This poem was published in the journal Ping Pong.


After Lynne Cox

Before the swim, in twenty-two degree waters,
the crew practices her death, then a revival.

She picks out landmarks butting out of the water that look
remembers how the kelp and barnacles held her body in south
Argentine waters.

Then she is submerged in the Arctic, head under against her will.
Her body gasps for air, a tight pocket to hold in her body, a
single draw—

Thirty years of swimming to fight for a single breath now.
She paddles, she argues with her body as it says No, not ever—

and goes faster, harder, plainer. Single strokes make their way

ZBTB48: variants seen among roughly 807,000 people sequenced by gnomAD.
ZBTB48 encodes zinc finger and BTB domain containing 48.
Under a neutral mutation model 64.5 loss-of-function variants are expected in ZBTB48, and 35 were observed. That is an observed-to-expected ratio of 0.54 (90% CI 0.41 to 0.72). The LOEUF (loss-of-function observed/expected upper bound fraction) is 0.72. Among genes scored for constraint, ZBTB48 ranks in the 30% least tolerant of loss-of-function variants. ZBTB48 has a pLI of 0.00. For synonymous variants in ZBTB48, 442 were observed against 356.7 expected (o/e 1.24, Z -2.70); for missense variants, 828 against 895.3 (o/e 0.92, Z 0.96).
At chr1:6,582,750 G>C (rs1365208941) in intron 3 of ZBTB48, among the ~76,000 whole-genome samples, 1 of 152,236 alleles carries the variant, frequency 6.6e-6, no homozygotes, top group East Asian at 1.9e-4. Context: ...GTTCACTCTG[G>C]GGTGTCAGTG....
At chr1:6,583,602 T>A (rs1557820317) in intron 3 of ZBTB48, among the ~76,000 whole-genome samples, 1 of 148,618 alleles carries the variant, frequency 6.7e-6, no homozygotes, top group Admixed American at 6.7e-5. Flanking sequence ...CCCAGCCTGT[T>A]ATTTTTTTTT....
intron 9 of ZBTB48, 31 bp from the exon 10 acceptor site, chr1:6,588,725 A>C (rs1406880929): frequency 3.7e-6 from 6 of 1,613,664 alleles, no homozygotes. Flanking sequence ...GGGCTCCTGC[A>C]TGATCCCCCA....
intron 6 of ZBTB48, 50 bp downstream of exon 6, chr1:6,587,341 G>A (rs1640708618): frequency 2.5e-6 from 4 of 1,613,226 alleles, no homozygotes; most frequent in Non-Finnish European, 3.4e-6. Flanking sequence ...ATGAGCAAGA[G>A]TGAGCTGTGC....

past icebergs
as they scrape her body like glass shards, and in her mind she
places these shards

in the core of herself, breaks them down into heat & suggestion
& sound,
in the pitch of her own voice breaking through to say what she
wanted to say to the body:

you are owned, not owner. Her mind fights the sensations
of deep cold & wet & ice, her fingers and toes blooming.

She remembers the story of the leopard seal skinning a penguin
and the rising memory of survival, nodding like the brash ice
around her.